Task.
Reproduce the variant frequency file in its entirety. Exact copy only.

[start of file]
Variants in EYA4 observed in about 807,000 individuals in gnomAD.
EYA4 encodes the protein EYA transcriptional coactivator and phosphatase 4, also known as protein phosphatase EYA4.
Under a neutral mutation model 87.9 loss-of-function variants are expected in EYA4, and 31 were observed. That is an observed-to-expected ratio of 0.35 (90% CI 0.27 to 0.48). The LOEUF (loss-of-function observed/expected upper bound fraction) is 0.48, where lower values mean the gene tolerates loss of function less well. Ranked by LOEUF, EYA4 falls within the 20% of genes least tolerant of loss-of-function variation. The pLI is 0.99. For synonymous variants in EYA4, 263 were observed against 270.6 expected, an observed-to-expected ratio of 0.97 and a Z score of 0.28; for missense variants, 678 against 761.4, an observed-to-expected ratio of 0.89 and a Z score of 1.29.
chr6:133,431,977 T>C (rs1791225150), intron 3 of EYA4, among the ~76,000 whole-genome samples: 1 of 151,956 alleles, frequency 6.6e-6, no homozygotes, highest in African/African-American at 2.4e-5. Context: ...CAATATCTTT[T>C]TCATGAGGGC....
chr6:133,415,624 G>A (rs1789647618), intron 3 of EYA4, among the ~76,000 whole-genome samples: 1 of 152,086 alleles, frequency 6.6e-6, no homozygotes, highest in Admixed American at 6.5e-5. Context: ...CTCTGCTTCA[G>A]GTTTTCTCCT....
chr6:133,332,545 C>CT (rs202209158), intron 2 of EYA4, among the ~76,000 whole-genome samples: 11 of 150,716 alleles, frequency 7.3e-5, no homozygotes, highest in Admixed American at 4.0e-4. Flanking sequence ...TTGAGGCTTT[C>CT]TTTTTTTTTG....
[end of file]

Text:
Variants in EYA4 observed in about 807,000 individuals in gnomAD.
EYA4 encodes the protein EYA transcriptional coactivator and phosphatase 4, also known as protein phosphatase EYA4.
Under a neutral mutation model 87.9 loss-of-function variants are expected in EYA4, and 31 were observed. That is an observed-to-expected ratio of 0.35 (90% CI 0.27 to 0.48). The LOEUF (loss-of-function observed/expected upper bound fraction) is 0.48, where lower values mean the gene tolerates loss of function less well. Ranked by LOEUF, EYA4 falls within the 20% of genes least tolerant of loss-of-function variation. The pLI is 0.99. For synonymous variants in EYA4, 263 were observed against 270.6 expected, an observed-to-expected ratio of 0.97 and a Z score of 0.28; for missense variants, 678 against 761.4, an observed-to-expected ratio of 0.89 and a Z score of 1.29.
chr6:133,431,977 T>C (rs1791225150), intron 3 of EYA4, among the ~76,000 whole-genome samples: 1 of 151,956 alleles, frequency 6.6e-6, no homozygotes, highest in African/African-American at 2.4e-5. Context: ...CAATATCTTT[T>C]TCATGAGGGC....
chr6:133,415,624 G>A (rs1789647618), intron 3 of EYA4, among the ~76,000 whole-genome samples: 1 of 152,086 alleles, frequency 6.6e-6, no homozygotes, highest in Admixed American at 6.5e-5. Context: ...CTCTGCTTCA[G>A]GTTTTCTCCT....
chr6:133,332,545 C>CT (rs202209158), intron 2 of EYA4, among the ~76,000 whole-genome samples: 11 of 150,716 alleles, frequency 7.3e-5, no homozygotes, highest in Admixed American at 4.0e-4. Flanking sequence ...TTGAGGCTTT[C>CT]TTTTTTTTTG....